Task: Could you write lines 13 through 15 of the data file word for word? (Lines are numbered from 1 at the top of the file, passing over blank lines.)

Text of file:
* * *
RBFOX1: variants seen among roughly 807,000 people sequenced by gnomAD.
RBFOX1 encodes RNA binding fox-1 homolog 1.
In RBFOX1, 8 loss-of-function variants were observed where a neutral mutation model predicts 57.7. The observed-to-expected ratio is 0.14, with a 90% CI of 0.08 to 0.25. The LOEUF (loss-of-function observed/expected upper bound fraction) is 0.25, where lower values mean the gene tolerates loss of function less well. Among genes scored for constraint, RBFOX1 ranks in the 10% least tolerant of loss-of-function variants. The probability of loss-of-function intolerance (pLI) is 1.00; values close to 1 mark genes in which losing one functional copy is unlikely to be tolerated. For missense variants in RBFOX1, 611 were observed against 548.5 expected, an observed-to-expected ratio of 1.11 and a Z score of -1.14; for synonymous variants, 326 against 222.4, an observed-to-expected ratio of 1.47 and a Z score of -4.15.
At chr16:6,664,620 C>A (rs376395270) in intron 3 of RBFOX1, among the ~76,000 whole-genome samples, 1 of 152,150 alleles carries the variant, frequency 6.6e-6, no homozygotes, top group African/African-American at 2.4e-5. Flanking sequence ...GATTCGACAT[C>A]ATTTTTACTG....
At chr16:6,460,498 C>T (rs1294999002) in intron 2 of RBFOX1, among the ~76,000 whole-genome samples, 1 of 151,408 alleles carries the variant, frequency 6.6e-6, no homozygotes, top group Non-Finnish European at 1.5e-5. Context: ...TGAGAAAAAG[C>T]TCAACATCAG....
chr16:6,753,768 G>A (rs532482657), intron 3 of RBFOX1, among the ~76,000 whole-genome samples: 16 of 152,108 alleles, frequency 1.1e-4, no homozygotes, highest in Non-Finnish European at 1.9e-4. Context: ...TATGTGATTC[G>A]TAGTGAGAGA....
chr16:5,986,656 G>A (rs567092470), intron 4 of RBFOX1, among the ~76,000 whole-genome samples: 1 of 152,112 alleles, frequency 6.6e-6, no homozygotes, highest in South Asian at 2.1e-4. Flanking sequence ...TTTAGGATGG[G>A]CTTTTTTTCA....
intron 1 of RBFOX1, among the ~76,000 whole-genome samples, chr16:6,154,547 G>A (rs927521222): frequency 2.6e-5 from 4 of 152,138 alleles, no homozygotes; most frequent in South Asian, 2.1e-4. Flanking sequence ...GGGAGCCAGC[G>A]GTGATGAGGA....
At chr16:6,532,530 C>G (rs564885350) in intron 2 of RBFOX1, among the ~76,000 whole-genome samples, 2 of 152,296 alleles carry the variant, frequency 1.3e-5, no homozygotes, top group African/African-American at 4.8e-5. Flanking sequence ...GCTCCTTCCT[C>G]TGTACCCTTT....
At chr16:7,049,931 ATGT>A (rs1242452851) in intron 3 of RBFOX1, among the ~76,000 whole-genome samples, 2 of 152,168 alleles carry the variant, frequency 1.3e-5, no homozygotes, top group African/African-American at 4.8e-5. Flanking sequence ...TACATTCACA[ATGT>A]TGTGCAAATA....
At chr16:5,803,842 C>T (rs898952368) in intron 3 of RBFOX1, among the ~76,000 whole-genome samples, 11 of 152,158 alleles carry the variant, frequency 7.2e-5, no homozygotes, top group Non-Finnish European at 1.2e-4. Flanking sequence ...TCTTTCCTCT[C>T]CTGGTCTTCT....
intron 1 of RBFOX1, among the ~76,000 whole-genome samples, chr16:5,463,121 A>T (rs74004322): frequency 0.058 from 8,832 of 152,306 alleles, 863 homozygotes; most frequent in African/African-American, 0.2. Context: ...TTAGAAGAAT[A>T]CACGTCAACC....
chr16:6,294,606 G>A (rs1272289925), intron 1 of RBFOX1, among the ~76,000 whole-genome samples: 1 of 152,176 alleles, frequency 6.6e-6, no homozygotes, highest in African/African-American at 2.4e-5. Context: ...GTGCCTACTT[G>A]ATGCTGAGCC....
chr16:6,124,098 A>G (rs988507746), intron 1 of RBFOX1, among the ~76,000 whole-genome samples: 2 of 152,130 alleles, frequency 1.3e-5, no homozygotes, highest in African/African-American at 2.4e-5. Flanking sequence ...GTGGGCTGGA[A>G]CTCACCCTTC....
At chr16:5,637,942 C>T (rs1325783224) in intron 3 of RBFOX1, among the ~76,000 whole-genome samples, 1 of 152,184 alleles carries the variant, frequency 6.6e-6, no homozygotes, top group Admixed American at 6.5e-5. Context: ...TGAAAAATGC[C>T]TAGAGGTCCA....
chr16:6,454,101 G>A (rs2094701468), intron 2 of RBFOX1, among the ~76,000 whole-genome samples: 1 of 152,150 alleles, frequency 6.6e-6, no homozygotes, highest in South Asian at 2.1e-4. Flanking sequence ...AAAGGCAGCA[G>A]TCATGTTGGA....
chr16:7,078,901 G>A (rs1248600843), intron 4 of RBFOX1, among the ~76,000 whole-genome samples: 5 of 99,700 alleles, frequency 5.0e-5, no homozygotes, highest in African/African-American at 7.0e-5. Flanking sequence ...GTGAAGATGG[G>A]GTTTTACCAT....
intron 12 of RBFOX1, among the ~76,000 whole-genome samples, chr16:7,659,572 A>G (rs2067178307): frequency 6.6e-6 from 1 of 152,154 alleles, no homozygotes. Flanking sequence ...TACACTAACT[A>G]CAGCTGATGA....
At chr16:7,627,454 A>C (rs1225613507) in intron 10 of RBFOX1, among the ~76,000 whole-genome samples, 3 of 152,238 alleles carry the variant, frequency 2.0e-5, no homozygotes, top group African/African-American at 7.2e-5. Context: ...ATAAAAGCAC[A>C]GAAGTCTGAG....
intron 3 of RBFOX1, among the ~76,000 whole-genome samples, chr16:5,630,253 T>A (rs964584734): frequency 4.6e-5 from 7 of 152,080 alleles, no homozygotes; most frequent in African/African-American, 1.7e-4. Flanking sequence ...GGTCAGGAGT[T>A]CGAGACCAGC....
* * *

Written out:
chr16:6,294,606 G>A (rs1272289925), intron 1 of RBFOX1, among the ~76,000 whole-genome samples: 1 of 152,176 alleles, frequency 6.6e-6, no homozygotes, highest in African/African-American at 2.4e-5. Context: ...GTGCCTACTT[G>A]ATGCTGAGCC....
chr16:6,124,098 A>G (rs988507746), intron 1 of RBFOX1, among the ~76,000 whole-genome samples: 2 of 152,130 alleles, frequency 1.3e-5, no homozygotes, highest in African/African-American at 2.4e-5. Flanking sequence ...GTGGGCTGGA[A>G]CTCACCCTTC....
At chr16:5,637,942 C>T (rs1325783224) in intron 3 of RBFOX1, among the ~76,000 whole-genome samples, 1 of 152,184 alleles carries the variant, frequency 6.6e-6, no homozygotes, top group Admixed American at 6.5e-5. Context: ...TGAAAAATGC[C>T]TAGAGGTCCA....